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Ordering Food - Parts 1 & 2

Target Language: Food + I'd like some ...
Target Grade: All ages
This lesson is in the Teacher's Set
And in the new curriculum Level.

Click the pictures, hear them talk!

NEW: To make this theme a whole lot easier to teach, first be sure try out the new "Do you like...?" Easy to Teach Remix.

Food! It's one of the kids' favourite subjects, and I can't believe I didn't have a theme for it before.

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A4 Flashcards
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Progress Sheet /
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Lesson Plan

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by Richard Graham

I'd like some apples, please.
He'd like some apples, please

I'd like some apples and bananas, please.
He'd like some apples and bananas, please.

He'd like some apples and bananas and cheese, please.
He'd like some apples and bananas and cheese, please

continue with:
doughnuts, eggs, fish, grapes, hot dogs, ice cream, jelly, ketchup, lettuce, mayonnaise.

"Food Part II"
by Richard Graham

This is the same as above, but this time the list of foods is:

noodles, olives, pizza, quiche, rice, salad, toast, ugli fruit, vegetables, waffles, Xmas cake, yoghurt, zucchini.

. To make sure the song is not simply repeating, the song is written like the kids are ordering for you at a restaurant, or on the phone.

You start off by saying "I'd like some apples, please".
And the kids say "He/She'd like some apples, please".

Then the fun begins, as the second time it's "I'd like some apples and bananas, please".
Then once the kids have said their line it's "I'd like some apples and bananas and cheese, please".

And on, and on, and on till you'll end up with "I'd like some apples and bananas and cheese and doughnuts and eggs and fish and grapes and hot dogs and ice cream and lettuce and mayonnaise, please!". Crazy, but fun!

It's just like the "12 Days of Christmas" in that each repeat helps you memorise the earlier words. It starts out slow, then speeds up ( most kids will find somewhere in the middle to be just fast enough for them), but then gets very fast at the end - a great challenge to work up to. Once you've finished it feels like you've run a marathon, but thanks to the melody, you'll be singing it round and round in your head all day!

Then the next week you can go through the next set from noodles - zucchini. And if you're really adventurous there's even a version on the software that goes right from a to z in one go!

The key with this theme is the specially chosen set of words.

For starters all of them can be used just as they are with "I'd like some.." or "Do you like ....?" .
Teaching the words like this from the start means we avoid mistakes such as "I like noodle" or "I like apple".

If you do need the singular form of the word, it's simple, if it has an "s", take it off, if it doesn't have one, use it as it is!! It's a lot easier than learning the singular form and then having to worry about which ones can and can't take an "s"!

You've also probably noticed that they go from a-z ( great for doing a "food alphabet.")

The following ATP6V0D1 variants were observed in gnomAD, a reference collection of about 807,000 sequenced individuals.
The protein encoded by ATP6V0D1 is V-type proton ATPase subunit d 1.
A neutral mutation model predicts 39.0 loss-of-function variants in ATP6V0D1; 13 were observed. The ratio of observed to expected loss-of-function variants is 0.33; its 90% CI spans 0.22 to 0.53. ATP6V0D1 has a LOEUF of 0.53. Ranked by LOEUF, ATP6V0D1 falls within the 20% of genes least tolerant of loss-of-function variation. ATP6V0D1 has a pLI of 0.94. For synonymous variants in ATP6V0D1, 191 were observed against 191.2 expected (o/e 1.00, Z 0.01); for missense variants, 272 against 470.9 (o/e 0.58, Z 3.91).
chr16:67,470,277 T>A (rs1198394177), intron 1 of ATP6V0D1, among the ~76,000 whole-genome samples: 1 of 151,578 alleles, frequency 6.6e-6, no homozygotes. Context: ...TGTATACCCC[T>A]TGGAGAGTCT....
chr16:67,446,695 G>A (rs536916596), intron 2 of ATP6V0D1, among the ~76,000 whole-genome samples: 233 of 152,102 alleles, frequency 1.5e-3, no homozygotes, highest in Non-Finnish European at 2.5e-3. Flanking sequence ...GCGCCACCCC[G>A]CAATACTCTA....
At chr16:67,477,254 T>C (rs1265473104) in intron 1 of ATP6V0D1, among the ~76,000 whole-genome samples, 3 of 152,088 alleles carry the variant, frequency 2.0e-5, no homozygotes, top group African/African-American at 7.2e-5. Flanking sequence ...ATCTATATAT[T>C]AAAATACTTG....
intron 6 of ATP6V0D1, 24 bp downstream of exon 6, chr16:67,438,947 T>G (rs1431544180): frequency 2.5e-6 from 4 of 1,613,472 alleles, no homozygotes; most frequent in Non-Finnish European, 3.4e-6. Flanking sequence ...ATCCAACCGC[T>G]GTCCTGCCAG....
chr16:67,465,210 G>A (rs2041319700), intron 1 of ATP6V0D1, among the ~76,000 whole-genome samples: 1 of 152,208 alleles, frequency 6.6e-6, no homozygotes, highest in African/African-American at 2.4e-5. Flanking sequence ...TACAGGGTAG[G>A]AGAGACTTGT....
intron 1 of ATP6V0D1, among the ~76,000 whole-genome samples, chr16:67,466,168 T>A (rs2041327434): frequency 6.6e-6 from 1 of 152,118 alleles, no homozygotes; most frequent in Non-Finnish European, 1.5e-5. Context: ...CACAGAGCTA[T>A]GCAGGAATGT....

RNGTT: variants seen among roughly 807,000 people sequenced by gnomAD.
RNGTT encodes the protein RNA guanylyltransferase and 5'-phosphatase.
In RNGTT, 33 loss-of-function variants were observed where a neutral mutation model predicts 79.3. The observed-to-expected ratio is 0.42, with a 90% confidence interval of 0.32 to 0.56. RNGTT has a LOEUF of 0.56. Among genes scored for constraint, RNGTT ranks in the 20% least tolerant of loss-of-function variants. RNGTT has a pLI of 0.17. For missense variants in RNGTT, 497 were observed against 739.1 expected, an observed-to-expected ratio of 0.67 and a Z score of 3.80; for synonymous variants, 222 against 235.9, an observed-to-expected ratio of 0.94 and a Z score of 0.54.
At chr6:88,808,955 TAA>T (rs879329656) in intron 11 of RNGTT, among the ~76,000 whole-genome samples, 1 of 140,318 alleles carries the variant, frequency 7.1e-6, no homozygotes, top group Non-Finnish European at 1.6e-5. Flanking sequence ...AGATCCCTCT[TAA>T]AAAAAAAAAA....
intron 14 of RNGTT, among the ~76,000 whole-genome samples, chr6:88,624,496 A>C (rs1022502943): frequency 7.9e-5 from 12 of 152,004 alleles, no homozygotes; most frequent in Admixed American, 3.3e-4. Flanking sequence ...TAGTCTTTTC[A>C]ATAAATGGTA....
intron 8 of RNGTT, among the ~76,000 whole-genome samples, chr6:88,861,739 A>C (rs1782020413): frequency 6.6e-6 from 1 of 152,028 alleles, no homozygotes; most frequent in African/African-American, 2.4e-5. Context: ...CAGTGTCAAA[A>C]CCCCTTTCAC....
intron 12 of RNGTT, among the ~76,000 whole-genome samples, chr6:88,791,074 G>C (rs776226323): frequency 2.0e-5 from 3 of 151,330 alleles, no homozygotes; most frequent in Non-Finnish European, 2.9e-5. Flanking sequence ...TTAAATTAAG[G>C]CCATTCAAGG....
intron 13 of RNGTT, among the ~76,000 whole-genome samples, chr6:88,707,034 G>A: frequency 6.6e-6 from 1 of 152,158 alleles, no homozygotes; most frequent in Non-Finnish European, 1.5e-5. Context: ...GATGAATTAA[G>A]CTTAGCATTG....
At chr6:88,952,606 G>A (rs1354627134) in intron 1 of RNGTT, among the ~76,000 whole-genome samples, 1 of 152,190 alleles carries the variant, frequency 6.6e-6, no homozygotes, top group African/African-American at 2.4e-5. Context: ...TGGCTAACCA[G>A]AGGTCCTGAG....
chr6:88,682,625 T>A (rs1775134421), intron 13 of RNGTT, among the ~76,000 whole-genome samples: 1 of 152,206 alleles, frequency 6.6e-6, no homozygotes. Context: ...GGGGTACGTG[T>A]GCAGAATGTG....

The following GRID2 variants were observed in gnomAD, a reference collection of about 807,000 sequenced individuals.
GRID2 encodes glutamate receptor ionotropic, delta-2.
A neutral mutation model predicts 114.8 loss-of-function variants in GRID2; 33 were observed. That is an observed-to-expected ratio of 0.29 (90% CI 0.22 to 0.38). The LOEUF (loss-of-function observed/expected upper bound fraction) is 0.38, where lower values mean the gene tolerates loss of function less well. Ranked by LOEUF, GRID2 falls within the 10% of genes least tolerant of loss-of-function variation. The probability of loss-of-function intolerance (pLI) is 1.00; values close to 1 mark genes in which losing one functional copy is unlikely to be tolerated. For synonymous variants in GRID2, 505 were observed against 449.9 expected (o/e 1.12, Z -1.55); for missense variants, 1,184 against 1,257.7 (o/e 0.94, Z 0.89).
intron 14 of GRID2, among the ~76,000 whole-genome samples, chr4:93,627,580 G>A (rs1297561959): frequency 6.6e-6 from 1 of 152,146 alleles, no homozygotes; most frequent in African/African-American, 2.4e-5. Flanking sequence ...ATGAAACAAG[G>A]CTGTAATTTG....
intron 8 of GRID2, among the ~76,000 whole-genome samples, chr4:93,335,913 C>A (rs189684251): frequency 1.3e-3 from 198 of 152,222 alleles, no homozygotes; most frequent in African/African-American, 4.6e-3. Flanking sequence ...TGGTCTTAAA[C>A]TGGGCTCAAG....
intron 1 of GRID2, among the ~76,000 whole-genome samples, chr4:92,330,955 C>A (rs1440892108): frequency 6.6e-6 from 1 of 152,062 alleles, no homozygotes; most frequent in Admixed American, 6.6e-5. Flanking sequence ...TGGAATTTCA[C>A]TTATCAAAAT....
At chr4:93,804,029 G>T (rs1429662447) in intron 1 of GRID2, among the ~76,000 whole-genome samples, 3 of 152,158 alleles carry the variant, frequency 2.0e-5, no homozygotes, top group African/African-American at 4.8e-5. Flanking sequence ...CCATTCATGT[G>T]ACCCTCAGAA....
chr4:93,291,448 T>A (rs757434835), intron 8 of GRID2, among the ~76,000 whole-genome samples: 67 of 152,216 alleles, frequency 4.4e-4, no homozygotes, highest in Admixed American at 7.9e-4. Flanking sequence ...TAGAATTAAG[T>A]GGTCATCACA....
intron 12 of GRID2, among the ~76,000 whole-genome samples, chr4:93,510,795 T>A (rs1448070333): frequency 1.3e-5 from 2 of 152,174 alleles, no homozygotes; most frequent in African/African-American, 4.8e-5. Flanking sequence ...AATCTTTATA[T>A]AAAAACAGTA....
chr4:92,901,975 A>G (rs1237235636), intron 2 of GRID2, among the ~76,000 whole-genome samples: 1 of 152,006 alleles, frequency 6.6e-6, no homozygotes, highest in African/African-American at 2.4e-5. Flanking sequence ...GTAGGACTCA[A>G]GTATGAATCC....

And if you happen to be in Japan, then with the possible exception of "quiche" and "ugli fruit" ( which were chosen for their starting letter!) they are all words that Japanese kids will know the meaning of straight away.

This is great for 5th and 6th grade classes where you may have some kids that say "I don't understand English!".

With these classes, you say you're going to do an activity where you'll say an English word and they have to shout out what it is in their local language. And you just read off this set of words and get them to translate. I've seen kids who've been really adamant ( because of previous teachers or parents) that they don't understand any English turn around and have the look that says "well, yeah, I did understand those!". So this works great for giving a bit of confidence! It's also cool for getting great pronunciation.

In this theme there are a couple of points that differ between American and other Englishes. For example the "jelly" card I've used here is the UK image of "jelly", as it also happens to be nearest to the Japanese "zeli". If you're from the States you could always use a picture of US "jelly". And then for the last word I've chosen the American "zucchini". In the UK people would probably use "courgette". These differences are always useful for the kids to learn that not everyone says everything in the same way!

Recommended Games:

"The Blob!"

Or "I like soooo many foods!

Picture Books

There are also the online "I love vegetables" and "What's your favourite food?" picture books for this theme.

This is best in groups. The teacher says "I'd like some" + several foods. The kids find out how much each food costs and shout out the total price! Try again, gradually adding in more and more foods or get the kids to try!

Enjoy your foods!

Readers' Comments

  1. Gumby

    HI Richard,
    I love the new graphics and the software.


    Hi again,

    Love the new graphics :D

    Thanks muchly for the update :D Looks great!


    awesome! Thanks a lot, I love the way you can up grade
    the themes like this! Thanks so much

    Carla Chazottes

    Hello Richard,
    I just worked through the whole stuff, first of all I think it's great.

    I love the 3rd game, this will be great fun with my private groups at home.
    Thanks a lot,
    Carla Chazottes


    All of the foods are so cute! I also like that the newer voices have a slower speech rate for the words menu and for the games. Everything worked well for me. Thank you for your hard work!


    hello Richard. it,s great. I love it.



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